Relatively speaking, how much does a Mac Mini cost?

Discussion in 'Mac mini' started by Micky Do, Oct 15, 2012.

?

What would a Mac Mini set you back? (with software, BYO other hardware)

Poll closed Oct 29, 2012.
  1. Less than a week's pay

    41 vote(s)
    53.9%
  2. One to two week's pay

    17 vote(s)
    22.4%
  3. Three to four weeks pay

    7 vote(s)
    9.2%
  4. At least a month's pay

    5 vote(s)
    6.6%
  5. A couple of month's pay or more

    6 vote(s)
    7.9%
  1. Micky Do, Oct 15, 2012
    Last edited: Oct 15, 2012

    Micky Do macrumors 68000

    Micky Do

    Joined:
    Aug 31, 2012
    Location:
    An island in the Andaman Sea.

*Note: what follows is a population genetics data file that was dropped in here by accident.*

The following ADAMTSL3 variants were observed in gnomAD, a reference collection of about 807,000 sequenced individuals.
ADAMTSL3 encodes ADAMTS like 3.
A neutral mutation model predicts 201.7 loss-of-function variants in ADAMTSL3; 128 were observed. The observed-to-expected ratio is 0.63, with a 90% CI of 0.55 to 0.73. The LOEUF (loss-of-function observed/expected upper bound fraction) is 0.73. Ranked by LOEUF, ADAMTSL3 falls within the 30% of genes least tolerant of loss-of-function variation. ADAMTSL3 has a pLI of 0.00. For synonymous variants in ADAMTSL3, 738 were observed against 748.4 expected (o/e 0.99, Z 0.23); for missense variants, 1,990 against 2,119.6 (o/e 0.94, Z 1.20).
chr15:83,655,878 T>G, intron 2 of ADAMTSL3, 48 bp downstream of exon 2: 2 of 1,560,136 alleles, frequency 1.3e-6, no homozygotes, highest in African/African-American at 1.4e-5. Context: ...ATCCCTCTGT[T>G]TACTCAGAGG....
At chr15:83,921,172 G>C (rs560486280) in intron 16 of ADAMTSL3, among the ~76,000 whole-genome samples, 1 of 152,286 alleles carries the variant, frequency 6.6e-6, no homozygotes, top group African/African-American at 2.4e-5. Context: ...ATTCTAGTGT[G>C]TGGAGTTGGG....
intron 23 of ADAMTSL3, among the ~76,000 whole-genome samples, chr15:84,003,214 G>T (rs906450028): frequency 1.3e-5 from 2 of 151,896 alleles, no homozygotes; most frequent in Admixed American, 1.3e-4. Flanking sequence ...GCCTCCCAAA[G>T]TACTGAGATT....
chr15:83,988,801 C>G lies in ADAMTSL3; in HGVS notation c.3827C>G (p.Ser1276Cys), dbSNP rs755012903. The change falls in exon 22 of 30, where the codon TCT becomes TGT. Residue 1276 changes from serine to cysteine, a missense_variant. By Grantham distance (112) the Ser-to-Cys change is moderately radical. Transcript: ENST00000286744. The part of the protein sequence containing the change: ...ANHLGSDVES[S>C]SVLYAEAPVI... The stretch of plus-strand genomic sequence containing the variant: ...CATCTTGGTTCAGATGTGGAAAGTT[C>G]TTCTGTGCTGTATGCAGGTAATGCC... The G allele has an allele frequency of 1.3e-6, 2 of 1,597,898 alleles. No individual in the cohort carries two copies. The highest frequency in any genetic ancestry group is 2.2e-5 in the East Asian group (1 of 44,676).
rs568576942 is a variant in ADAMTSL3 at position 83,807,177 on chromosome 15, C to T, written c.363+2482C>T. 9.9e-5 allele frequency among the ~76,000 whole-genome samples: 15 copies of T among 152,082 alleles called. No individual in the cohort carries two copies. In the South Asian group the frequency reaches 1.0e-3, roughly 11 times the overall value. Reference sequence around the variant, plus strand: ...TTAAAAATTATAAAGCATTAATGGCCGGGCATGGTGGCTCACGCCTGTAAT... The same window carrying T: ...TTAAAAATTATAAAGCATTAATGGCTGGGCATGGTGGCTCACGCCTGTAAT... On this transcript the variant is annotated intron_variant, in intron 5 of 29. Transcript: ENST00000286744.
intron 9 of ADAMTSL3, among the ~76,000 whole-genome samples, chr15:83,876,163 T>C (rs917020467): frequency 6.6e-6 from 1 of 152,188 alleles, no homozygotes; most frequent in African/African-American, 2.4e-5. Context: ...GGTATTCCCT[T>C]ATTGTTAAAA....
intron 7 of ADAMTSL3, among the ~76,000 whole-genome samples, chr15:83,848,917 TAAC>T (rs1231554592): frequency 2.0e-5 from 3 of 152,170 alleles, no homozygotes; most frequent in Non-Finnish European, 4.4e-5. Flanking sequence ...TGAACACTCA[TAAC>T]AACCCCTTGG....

#1
    Apple has been at the forefront of many ideas. Uniform pricing in all markets is one. Anywhere in the world it costs about the same to buy Apple products. I guess that is true for servicing too, but don't know for sure.

    However pay across the world is far from uniform...... And I doubt that Apple will be leading the way to initiate parity in remuneration across all labour markets for staff employed by the company and its subsidiaries.

    How much does a Mac Mini cost (with software and ready ready to use, but not including other hardware) where you live at present in comparison to what you earn?

    As a teacher in a state owned university in a partially developed country, my bottom of the range model Mac Mini loaded with iWork set me back about a month's pay.

    One of the joys of the Mini is that I could use the keyboard, mouse, monitor, speakers, UPS and other bits that I already had. To have had to cough up for them would have set me back another couple or three weeks pay.